Exodus 1-3:The wells

The story of God’s plan in action continues through the beginning of Exodus.

God had a plan for Abraham’s descendants to inhabit the Promised Land, and Jacob and his family were indeed settled there.  But famine struck the region, and God led Jacob and his family down to Egypt where Joseph was in charge of the food supply.  The Israelites settled there and prospered for many years.

How did a prospering people become slaves of a foreign ruler?

Apparently, lack of education among the leaders of a country is not confined to America and current times.  The history of the people was not shared:

8 Eventually, a new king came to power in Egypt who knew nothing about Joseph or what he had done. 9 He said to his people, “Look, the people of Israel now outnumber us and are stronger than we are. 10 We must make a plan to keep them from growing even more. If we don’t, and if war breaks out, they will join our enemies and fight against us. Then they will escape from the country.

So, in a brutal form of population control, the Egyptian king ordered the Hebrew midwives to kill every boy baby they delivered.  Is this not much different than the Chinese authorities who set the “one child” policy in place?  Millions of girl babies were either adopted out or aborted so the families could have a boy — with the unfortunate consequence of millions of young Chinese men who can’t find a wife because there aren’t any women left.  I’m guessing from what happened next that the king wanted them to secretly kill the boys…perhaps with a sharp instrument like those used in today’s partial birth abortions.

The midwives were more afraid of God than of the king, so they refused to do as he ordered.  The baby boys continued to be born, and God gifted the midwives with cleverness so they could defend themselves when questioned by the king about their failure to kill the babies.

“Why have you done this?” he demanded. “Why have you allowed the boys to live?”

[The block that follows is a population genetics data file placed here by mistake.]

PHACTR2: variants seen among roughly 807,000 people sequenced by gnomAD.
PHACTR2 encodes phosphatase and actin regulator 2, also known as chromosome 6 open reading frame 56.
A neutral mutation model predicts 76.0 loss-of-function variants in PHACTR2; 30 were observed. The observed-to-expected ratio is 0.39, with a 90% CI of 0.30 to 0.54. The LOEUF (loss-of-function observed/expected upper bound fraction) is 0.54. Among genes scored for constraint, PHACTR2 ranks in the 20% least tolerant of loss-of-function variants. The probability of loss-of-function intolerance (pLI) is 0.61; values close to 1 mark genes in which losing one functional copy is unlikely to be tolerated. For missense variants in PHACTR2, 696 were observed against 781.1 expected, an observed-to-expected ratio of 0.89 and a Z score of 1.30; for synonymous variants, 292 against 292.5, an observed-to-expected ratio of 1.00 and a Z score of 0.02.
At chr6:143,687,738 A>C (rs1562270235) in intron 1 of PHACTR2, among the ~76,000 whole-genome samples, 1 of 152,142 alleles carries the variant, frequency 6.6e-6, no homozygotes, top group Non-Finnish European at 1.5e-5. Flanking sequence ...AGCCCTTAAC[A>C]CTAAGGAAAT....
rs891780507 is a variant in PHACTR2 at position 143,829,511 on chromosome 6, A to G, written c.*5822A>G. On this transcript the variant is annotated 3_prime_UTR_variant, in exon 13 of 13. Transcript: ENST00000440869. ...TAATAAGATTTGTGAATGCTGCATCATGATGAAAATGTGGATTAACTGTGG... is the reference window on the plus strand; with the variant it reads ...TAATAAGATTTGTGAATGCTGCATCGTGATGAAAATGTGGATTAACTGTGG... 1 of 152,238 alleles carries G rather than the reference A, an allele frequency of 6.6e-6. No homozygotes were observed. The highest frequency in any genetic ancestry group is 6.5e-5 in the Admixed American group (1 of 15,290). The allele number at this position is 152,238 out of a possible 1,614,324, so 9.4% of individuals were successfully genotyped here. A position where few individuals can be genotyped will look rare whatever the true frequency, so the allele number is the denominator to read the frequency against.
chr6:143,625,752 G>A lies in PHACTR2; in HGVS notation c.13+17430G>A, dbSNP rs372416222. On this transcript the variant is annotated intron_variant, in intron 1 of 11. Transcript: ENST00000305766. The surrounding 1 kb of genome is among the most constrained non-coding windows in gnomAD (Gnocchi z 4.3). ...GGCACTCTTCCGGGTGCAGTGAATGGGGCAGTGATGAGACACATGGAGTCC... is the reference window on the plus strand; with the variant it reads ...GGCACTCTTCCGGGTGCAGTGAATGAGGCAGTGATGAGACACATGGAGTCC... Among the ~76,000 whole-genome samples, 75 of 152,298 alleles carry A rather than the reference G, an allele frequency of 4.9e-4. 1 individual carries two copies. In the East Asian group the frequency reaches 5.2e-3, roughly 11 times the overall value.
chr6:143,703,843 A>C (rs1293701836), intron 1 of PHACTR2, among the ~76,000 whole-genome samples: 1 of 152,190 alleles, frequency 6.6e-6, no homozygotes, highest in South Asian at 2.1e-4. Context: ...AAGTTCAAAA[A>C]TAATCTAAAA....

19 “The Hebrew women are not like the Egyptian women,” the midwives replied. “They are more vigorous and have their babies so quickly that we cannot get there in time.”

Pharaoh turned the Hebrews into slaves and made them suffer with backbreaking work.  But the Lord continued to bless the Israelites, and many more Hebrew babies were born despite the cruel slave conditions.  Finally, Pharaoh ordered that all Hebrew baby boys be thrown into the Nile River.  Can you imagine the heartbreak?  The gruesome scene?  If someone snatched my girl out of my arms, I would have been tempted to jump in right after her, letting the Nile take me as it took her.  I wonder if any women jumped in and saved their children?  I sure would have tried!

At any rate, Moses’ mother managed to keep him hidden until he was three months old, and then she put him in the Nile. Her son Moses grew up as Pharaoh’s adopted grandson — and the Hebrews continued their groaning under the weight of slavery.

If history had been preserved, the course of life as we know it may have been very different.  The Egyptians and the Hebrews might have come to some sort of settlement earlier on when the Hebrew population exploded.  Perhaps the Hebrews would have moved back to their homeland.  Instead, the glory of God was displayed in just the way He planned.  He used the ignorance of the people to point the way towards His glory so that even unbelievers would respect him.

I noticed that many of these OT stories have a water well as a central figure.  When a servant was sent to find a wife for Isaac, he met her at a well.  Joseph was thrown into an empty well. Similarly, Moses met up at a well with what would be his family when he ran away to Midian.  Water was and is an essential part of life.  Jesus calls himself the Living Water.  Perhaps the well is a literary symbol of God’s provision for our lives.  In the OT, we learn through the events surrounding the wells that

  • God answers prayers (he answered the servant’s specific prayers in exactly the way he was asked)
  • God redeems us from empty places (he drew Joseph out of the empty well and eventually set him up as second in command)
  • God meets our needs (Moses found companionship and a family when he rescued girls from a well in a foreign country)

It will be interesting as I work my way through the Bible this year to add to this list of the significance of wells in the Scripture.  As I do so, I will ponder the significance of the metaphorical wells in my own life.

One thought on “Exodus 1-3:The wells

  1. Very cool introspective of all the well stories we’ve read so far! I’m sure we’ll be seeing many more to come.

    And of course, some things never change. Just like you said, if only our leaders could just know their history and learn from the past!! sigh…

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